ECJ to Scrutinize OPAP Monopoly; Brussels Watching 'With Interest'

9 February 2009
The legitimacy of Greece's betting monopoly should be scrutinized by the European Court of Justice, reporting judges for Greece's highest administrative court recommended Monday.

In cases brought by William Hill and Stanleybet International, private betting operators seeking licenses in Greece, the Council of State ruled the Greek government -- by failing to allow both operators to apply for those licenses -- had not complied with European Community law.

Under Greek law now, OPAP S.A., one of Europe's largest commercial betting operators, is given exclusive control over Greece's land-based betting market. The company has held and defended that position aggressively since 2000, when the government awarded it a 20-year tender for 323 million euros.

In November 2008, two Stanleybet shops -- one in Athens, the other in Thessalonki -- were raided and closed by Greek authorities: Four people were arrested -- one employee and three bettors -- though all were subsequently released without charge. An administrative court in Athens ruled in January, though, that the Athens shop could reopen pending the outcome of a hearing that has yet to take place.

OPAP's chief executive, Christos D. Hadjiemmanuil, has gone on record numerous times with the European press threatening legal action if commercial bookmakers like Stanleybet establish shops on Greek soil without a license.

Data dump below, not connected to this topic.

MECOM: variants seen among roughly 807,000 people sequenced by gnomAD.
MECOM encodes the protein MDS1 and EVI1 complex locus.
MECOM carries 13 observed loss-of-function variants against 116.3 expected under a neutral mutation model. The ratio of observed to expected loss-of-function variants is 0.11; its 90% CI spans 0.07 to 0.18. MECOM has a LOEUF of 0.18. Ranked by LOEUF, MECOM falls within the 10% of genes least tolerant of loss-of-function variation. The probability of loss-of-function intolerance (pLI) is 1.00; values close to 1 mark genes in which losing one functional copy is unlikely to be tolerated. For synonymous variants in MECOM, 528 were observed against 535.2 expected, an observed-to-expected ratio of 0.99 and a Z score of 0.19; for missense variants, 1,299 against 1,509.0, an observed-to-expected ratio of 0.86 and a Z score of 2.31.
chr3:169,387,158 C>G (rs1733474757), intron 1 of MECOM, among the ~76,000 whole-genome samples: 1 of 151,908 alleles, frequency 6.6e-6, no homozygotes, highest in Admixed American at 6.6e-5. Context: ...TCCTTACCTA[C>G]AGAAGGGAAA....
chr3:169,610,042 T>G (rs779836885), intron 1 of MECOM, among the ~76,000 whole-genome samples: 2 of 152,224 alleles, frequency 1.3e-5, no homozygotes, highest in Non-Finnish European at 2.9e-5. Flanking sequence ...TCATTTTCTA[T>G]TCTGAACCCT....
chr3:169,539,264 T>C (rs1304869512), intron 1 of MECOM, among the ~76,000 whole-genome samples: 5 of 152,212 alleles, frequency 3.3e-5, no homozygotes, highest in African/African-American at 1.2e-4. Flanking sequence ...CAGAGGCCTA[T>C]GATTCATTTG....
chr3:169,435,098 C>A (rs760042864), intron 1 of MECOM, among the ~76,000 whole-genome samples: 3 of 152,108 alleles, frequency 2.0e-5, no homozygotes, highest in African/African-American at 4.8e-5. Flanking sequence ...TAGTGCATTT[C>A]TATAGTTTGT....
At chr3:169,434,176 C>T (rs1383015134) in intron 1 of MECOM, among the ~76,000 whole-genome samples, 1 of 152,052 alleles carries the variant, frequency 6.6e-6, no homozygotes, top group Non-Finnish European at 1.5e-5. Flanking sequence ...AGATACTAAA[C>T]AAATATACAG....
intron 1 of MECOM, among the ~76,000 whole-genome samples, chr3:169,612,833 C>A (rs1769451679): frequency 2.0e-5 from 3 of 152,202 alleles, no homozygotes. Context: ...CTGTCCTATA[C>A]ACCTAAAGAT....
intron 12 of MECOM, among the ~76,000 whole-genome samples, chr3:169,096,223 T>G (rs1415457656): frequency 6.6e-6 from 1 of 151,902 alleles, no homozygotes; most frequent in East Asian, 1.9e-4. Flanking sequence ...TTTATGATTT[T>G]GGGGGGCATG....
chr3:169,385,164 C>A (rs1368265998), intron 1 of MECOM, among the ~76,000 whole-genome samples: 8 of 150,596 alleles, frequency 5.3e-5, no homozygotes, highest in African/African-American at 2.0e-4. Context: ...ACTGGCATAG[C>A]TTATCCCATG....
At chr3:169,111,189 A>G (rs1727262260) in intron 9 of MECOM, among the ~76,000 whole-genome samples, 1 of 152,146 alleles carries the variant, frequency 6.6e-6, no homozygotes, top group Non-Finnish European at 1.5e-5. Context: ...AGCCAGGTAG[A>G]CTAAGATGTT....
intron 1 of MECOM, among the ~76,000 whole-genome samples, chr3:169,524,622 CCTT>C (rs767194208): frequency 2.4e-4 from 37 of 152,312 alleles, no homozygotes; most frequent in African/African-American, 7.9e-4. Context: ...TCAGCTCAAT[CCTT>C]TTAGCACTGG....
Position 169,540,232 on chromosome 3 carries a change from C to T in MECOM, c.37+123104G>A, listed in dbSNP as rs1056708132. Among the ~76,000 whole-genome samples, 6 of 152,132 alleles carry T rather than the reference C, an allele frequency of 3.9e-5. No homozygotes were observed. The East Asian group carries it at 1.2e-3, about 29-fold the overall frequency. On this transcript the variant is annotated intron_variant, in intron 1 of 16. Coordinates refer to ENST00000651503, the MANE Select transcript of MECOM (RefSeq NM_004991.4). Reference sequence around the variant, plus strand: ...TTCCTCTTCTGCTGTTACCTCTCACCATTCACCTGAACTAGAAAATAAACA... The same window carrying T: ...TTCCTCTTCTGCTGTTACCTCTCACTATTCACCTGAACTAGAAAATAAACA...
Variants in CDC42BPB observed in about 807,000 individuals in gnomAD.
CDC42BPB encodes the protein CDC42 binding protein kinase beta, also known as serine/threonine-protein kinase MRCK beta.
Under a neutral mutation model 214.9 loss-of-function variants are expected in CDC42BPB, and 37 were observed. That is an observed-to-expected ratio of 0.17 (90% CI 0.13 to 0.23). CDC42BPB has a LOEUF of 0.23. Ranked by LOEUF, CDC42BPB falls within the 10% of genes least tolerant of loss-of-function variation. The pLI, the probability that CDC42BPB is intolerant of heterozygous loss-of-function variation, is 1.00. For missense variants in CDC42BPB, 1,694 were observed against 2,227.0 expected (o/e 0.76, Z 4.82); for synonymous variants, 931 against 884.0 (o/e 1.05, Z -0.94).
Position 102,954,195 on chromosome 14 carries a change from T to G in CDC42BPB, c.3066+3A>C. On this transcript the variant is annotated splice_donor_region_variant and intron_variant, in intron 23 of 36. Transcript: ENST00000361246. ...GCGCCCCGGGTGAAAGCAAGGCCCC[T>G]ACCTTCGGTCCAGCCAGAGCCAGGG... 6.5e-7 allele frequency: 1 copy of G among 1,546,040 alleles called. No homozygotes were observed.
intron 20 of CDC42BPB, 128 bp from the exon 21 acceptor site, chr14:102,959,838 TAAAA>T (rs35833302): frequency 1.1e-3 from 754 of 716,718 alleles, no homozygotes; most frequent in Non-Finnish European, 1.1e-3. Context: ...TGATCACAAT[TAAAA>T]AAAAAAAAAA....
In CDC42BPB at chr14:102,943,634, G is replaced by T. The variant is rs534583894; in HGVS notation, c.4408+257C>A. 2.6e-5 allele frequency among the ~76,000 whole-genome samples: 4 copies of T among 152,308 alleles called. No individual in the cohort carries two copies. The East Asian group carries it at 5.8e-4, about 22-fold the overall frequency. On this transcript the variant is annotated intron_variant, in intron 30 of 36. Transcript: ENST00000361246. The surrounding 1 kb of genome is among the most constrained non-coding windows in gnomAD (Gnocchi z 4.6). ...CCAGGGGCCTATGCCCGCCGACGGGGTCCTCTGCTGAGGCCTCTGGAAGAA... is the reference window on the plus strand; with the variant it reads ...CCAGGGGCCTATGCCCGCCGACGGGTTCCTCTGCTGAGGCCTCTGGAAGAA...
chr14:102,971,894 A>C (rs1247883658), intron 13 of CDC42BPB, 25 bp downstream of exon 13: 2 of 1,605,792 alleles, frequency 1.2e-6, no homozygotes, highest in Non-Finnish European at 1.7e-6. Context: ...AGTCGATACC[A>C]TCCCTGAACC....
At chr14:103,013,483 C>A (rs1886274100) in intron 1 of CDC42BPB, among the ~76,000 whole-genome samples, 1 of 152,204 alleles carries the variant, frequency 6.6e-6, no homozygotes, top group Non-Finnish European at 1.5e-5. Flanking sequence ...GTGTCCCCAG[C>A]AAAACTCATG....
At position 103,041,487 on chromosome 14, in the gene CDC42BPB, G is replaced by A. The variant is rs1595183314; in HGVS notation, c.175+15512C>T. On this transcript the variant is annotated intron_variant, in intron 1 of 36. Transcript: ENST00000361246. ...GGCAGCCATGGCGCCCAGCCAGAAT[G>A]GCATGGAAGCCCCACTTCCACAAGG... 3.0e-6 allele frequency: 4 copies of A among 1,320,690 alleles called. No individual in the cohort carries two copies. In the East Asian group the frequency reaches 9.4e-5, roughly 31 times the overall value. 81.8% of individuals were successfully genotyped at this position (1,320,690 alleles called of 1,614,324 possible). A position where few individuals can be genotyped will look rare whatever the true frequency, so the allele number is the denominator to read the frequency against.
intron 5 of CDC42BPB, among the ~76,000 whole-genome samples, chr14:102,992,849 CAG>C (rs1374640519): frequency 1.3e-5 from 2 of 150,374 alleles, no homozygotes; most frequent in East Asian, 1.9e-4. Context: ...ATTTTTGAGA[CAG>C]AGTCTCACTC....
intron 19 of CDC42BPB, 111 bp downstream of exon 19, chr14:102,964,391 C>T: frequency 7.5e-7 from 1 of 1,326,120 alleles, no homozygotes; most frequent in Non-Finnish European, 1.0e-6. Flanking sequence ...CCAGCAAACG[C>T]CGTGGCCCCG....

In addition to the license-application refusals, meanwhile, the court has questioned OPAP's position because the company's commercial agenda and footprint do not square with European Union rules by which monopolists must abide.

The country's gambling law has also drawn criticism from the European Commission since 2007, when infringement proceedings began.

Oliver Drewes, spokesman for the internal market commissioner, Charlie McCreevy, told IGamingNews Monday that Mr. McCreevy's office had taken note of the reporting judges' recommendation and would continue to watch developments "with interest."

Mr. Drewes could not provide a concrete date on when the commission would determine whether to refer its proceeding against Greece to the European Court of Justice, but said a decision was expected sometime in 2009.

Looking ahead, Nikos Lianeris, an analyst with Proton Bank S.A. in Athens, believes the OPAP brand -- in spite of overhanging legal circumstances -- will remain Greece's most salient.

"Under any circumstances, our main thesis remains unchanged: OPAP is still far from losing market share to competing networks given that (a) the legal procedures are lengthy and (b) competitors themselves are far from having a meaningful network and a respected brand name in the Greek market," Mr. Lianeris wrote in a note to clients Monday.

Representatives from William Hill and Stanleybet did not return phone calls Monday, and OPAP could not be reached for comment.

Chris Krafcik is the editor of IGamingNews. He lives in St. Louis, Mo.